LGBT

In The Moment ... September 13, 2018 Show 421 Hour 2

It's an epic road trip to see the nation's National Park Service sites.  It's also a tribute to his father.

Mikah Meyer is an adventurer, an LGBT Christian advocate and the son of former SDSU ELCA minister Larry Meyer.

His world record road trip to all 417 National Park Service sites is underway and it's bringing him to South Dakota this weekend to share his story.

Human Rights Watch has released a 115-page report regarding LGBT rights. The report includes input from South Dakota students, teachers and parents of LGBT students. SDPB's Kealey Bultena joins Dakota Midday for a closer look at the report.

Kealey Bultena / SDPB

Lesbian, Gay, Bisexual and Transgender students in South Dakota say they encounter discrimination in school. Their stories are part of a document released Wednesday by Human Rights Watch.

The 103-page report indicates students in South Dakota are bullied, harassed, and threatened because they’re LGBT. It includes stories that some schools and teachers treat LGBT kids – and staff – differently.  

UCLA Scholar Speaks at USD on LGBT Issues

Oct 7, 2016
Levi Gutz

A scholar from the University of California Los Angeles says the LGBT community has a long way to go to achieve legal equality.  That’s despite the fact the Supreme Court legalized same-sex marriage this summer.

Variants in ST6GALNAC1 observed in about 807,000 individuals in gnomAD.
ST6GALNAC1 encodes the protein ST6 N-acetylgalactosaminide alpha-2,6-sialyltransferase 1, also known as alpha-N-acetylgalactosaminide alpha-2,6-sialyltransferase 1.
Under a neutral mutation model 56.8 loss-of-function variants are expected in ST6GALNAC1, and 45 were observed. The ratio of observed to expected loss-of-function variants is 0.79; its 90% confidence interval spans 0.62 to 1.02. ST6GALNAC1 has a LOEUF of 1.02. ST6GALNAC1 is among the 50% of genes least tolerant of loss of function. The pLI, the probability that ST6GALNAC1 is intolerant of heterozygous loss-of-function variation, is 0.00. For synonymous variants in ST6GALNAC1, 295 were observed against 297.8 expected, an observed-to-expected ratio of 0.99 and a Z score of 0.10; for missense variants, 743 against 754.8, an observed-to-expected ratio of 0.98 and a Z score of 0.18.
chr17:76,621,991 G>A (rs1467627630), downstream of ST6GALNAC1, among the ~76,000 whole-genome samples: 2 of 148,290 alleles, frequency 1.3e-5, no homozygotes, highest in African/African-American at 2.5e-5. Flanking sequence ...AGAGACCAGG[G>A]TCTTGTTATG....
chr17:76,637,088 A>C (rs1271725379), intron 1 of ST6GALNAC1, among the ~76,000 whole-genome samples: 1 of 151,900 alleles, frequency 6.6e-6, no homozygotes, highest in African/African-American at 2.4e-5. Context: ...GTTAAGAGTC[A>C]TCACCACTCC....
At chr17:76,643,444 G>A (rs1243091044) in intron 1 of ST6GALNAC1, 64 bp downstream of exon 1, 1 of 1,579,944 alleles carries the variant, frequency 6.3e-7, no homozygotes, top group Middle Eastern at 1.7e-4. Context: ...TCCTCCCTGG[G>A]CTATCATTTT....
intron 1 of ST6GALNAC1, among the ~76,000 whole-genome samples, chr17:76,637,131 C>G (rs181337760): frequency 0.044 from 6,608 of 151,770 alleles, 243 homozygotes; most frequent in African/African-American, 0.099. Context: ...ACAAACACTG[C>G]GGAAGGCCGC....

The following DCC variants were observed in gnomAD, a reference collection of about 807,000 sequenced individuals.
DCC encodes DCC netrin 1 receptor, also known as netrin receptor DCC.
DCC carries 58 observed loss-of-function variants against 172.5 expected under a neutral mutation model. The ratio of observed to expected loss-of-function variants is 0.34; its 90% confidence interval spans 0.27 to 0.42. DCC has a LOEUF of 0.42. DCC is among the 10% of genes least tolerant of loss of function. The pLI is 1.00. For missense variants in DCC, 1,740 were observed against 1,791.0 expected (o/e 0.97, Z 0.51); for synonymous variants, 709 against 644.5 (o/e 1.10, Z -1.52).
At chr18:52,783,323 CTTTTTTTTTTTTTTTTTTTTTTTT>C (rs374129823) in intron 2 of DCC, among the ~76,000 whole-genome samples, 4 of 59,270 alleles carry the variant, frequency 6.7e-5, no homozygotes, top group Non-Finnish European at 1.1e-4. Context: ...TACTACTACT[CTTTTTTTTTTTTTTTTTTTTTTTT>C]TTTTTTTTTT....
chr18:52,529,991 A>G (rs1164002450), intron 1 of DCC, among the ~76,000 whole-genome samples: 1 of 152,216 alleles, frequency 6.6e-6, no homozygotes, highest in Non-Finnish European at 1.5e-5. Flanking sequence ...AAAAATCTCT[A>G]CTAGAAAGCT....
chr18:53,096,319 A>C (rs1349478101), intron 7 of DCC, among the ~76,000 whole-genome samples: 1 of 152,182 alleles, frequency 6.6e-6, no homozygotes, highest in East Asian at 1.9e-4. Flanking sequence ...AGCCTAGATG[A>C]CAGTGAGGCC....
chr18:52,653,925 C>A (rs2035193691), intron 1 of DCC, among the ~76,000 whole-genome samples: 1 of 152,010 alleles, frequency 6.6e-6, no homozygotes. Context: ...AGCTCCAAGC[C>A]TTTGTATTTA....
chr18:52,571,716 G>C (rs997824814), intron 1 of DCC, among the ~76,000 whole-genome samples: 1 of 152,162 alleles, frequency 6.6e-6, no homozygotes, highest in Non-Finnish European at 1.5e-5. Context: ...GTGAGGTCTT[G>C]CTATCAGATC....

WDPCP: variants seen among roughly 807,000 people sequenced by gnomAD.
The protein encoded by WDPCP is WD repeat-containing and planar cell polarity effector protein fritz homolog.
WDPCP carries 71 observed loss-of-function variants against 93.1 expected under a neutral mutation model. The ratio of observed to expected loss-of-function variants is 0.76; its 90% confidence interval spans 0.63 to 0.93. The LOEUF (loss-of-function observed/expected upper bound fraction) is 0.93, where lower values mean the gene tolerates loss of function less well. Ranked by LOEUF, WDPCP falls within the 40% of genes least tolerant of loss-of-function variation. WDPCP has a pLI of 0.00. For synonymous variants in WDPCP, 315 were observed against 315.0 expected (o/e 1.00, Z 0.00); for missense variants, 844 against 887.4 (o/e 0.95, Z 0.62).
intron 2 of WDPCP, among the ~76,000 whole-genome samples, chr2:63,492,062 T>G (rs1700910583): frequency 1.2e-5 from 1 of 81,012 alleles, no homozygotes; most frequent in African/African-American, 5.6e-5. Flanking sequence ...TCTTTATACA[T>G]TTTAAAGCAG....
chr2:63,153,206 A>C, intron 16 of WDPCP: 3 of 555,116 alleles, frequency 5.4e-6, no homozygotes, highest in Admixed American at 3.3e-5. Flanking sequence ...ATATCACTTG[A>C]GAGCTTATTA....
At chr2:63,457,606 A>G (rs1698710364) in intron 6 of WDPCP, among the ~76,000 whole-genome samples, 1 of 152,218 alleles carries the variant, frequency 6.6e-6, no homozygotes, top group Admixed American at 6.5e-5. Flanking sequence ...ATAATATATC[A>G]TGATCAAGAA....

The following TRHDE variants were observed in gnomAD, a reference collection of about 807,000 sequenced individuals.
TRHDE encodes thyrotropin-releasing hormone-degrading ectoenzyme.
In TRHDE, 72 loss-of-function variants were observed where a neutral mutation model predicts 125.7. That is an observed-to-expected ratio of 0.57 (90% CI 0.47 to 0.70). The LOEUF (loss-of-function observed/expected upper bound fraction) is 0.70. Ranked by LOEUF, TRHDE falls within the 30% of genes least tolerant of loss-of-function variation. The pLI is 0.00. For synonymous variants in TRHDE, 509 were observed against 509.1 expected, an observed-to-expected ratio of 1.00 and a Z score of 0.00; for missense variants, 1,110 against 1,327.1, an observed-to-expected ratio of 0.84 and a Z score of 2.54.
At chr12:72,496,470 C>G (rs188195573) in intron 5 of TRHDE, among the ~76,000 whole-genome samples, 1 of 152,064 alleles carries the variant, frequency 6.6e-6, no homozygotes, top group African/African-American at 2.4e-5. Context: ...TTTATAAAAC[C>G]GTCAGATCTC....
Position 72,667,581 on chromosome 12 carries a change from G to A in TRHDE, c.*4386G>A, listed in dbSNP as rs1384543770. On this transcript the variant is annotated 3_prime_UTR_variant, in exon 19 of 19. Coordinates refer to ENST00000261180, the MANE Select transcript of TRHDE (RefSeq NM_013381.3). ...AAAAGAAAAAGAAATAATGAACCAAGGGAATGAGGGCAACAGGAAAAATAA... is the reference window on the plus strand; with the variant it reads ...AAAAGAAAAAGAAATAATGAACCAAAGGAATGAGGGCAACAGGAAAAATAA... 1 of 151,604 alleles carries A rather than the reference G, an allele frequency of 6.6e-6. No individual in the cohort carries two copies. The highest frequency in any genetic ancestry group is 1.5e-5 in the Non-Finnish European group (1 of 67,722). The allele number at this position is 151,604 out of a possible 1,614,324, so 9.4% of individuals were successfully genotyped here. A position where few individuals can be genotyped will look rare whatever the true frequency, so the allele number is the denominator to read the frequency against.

The University of South Dakota Law School held its annual Lavender Lecture this week. The event was hosted by OUT-Laws, a student group that brings discussion about LGBT issues,and Women in the Law.

http://thecenterforequality.org/

Lori Walsh speaks with Ashley Gaddis, she is Director of Operations for the Sioux Falls Center for Equality, and Thomas Christianson who is President of the Sioux Falls Center for Equality and their thoughts on how the attack affects the LGBT community.

Walsh speaks with Karen Johnson. Her son lives two miles from the Pulse nightclub in Orlando and she was there visiting him. Johnson left at 4:00 a.m. Sunday to go to the airport when the events were unfolding.

Governor Dennis Daugaard says he’ll make a decision by Tuesday on what’s known as the transgender bathroom bill. House Bill 1008 requires transgender students use the bathroom of their biological sex. The measure was delivered to the Governor’s desk last week.